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Lincoln County ended 2012 in the black

October 2, 2013
By Steve Browne , Marshall Independent

IVANHOE?-?The Lincoln County Board received good news from its financial auditor at its regular meeting on Tuesday.

Doug Host, a CPA with Clifton, Larson and Allen, presented a summary of the audit exit for 2012. Host praised county employees for their cooperation and having all their records prepared for the audit. He said the net worth of Lincoln County increased $2 million in 2012, reflecting steady increases in the past five years.

According to Host, 83 percent of the county revenues come from taxes, 40 percent, and the remainder, from intergovernmental revenues, mainly federal and state grants for roads and bridges.

The general fund has a more-than-comfortable cushion of almost 10 months expenditures, and in general, the county was under budget for expenditures and over budget for revenues.

The only part of the county finances that showed a negative was the Lake Benton Lake Improvement District.

The board convened a public hearing to consider the request of Vernon Skorczewski for an outlet into Judicial Ditch 19 in Hensonville Township. Several residents whose land drains into the ditch expressed concerns that adding an additional five 40-acre fields to the system would overload the capacity of the ditch during wet seasons.

After discussion that went on far beyond the allotted time, the board voted on the advice of county Environmental Director Robert Olsen to reconvene on Oct. 15 and in the interim to hire an engineer to study the capacity of the outlet. Olsen also recommended residents start the permitting process for improving the ditch by widening or deepening it immediately, as the process takes at minimum three years and often longer.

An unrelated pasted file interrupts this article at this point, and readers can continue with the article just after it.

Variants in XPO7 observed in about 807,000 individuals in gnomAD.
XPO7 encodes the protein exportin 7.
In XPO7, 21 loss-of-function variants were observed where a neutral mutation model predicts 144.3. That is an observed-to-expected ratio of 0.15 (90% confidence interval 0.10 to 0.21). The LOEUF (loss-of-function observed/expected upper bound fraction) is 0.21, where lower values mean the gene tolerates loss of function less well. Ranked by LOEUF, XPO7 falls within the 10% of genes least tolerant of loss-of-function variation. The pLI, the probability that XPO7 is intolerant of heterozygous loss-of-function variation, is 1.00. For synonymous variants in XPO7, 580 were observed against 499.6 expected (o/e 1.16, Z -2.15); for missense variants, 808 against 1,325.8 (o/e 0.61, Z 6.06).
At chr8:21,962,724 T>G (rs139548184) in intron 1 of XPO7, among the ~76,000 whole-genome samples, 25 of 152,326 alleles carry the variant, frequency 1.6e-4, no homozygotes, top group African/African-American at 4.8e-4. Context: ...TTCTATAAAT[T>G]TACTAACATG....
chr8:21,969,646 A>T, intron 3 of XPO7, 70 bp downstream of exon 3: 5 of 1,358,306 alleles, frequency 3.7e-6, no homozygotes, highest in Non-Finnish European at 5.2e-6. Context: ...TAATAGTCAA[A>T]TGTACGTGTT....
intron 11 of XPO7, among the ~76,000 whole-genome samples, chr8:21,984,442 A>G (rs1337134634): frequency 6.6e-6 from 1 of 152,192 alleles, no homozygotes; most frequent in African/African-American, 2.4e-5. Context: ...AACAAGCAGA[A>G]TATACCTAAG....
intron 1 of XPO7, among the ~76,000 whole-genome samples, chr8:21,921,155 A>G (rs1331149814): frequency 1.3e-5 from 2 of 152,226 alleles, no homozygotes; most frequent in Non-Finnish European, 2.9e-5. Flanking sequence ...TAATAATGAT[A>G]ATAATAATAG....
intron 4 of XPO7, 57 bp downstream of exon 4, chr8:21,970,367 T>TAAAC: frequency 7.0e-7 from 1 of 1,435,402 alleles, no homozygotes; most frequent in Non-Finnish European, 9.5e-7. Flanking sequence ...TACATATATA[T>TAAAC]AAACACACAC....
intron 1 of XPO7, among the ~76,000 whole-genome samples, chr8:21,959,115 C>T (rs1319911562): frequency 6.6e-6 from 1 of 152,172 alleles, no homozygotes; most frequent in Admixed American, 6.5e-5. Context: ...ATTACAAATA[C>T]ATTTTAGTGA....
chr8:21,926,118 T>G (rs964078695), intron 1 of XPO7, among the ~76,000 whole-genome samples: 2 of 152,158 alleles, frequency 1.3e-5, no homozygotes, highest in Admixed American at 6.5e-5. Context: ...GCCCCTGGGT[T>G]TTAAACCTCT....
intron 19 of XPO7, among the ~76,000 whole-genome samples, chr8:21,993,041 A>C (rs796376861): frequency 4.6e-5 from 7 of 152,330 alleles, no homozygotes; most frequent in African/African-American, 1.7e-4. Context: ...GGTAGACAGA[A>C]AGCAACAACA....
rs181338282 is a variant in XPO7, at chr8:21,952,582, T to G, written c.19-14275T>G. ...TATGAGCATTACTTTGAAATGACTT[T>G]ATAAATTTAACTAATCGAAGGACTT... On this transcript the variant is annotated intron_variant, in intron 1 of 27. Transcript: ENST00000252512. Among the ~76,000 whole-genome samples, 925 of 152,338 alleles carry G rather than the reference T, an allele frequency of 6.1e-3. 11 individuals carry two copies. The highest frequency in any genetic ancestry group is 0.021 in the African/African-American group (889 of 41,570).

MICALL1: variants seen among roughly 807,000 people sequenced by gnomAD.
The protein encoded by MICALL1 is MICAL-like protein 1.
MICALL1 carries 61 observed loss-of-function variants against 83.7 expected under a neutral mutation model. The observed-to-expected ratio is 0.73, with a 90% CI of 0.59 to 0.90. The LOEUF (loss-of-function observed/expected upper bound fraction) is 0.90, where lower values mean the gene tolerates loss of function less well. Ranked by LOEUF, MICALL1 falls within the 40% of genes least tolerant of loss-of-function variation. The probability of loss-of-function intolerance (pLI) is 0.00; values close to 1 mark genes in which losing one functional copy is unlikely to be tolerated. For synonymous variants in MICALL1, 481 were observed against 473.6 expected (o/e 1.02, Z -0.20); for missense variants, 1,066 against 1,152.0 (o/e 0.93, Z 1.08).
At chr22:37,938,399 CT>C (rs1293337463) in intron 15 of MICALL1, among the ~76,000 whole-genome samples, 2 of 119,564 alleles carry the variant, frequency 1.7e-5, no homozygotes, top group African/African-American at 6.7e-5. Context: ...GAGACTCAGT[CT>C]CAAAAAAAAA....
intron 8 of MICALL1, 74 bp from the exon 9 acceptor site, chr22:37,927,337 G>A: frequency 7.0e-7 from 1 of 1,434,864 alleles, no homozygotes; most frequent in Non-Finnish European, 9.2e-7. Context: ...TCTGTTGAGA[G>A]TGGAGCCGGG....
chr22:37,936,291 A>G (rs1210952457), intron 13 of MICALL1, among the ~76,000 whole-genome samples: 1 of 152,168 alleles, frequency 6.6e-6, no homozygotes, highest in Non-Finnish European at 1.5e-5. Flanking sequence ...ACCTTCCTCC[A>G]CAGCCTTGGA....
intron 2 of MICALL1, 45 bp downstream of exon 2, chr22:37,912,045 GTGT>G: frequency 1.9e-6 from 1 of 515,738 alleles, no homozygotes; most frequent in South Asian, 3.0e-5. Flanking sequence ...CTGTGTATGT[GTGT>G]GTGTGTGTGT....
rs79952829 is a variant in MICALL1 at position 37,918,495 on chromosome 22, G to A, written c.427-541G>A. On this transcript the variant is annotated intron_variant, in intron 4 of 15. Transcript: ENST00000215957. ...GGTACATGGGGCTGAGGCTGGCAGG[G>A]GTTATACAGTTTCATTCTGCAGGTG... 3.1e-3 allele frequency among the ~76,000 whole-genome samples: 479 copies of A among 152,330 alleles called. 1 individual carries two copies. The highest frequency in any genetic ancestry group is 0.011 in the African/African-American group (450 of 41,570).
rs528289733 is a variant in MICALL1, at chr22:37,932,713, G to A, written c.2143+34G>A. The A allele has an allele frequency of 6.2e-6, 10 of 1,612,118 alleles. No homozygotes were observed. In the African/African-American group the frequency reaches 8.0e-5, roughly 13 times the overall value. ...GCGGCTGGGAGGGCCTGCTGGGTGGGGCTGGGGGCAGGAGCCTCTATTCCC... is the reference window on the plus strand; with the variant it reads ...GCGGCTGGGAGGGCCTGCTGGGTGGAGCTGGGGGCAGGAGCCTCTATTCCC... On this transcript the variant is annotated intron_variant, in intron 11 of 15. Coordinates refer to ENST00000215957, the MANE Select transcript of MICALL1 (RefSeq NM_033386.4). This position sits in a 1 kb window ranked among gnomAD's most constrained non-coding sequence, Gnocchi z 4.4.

Olsen offered a letter from the U.S. Fish and Wildlife Service to the commissioners.

Lincoln County has had jurisdictional disputes with the federal agency over the issue of cleaning county ditches that cross designated wetlands. The Fish and Wildlife Service sent a letter to the county in regards to plans to remove sediment from County Ditch 2 located on the Northern Tallgrass Prairie Wildlife Refuge.

Olsen highlighted the sentence. "In the event of a government shutdown, all federal lands will be closed and the County will not be allowed to complete the work on this tract until the government shutdown ends."

At Olsen's request, the board unanimously passed a motion to enlist the services of an attorney to prepare a list of comments to the federal Office of Management and Budget, opposing a proposal to expand the definition of "waters of the U.S." under the Clean Water Act.

According to Olsen, the proposed redefinition would greatly expand the jurisdiction of the U.S. Army Corps of Engineers and the Environmental Protection Agency over water control structures within the counties.

"We may not be able to replace existing tile systems, and some of them are over a hundred years old," Olsen said. "If one failed, it would create more wetland."

At Olsen's request, the board voted to approve new income levels used for determining eligibility for the low income SSTS Grant Program. The program offers low-income families grant assistance to improve septic systems on their property.

At the request of Vince Robinson, executive director of the Lincoln County Enterprise Development Corporation, the board approved a motion to schedule a joint meeting with the Ivanhoe City Council to consider an inter-governmental agreement to set up a Tax Abatement Revenue Pledge Agreement. Robinson said the agreement would assist the owners of four businesses in Ivanhoe that are considering plans for expansion. The meeting is scheduled for 9:15 a.m. on Nov. 5 during the board's regularly scheduled meeting.

 
 

 

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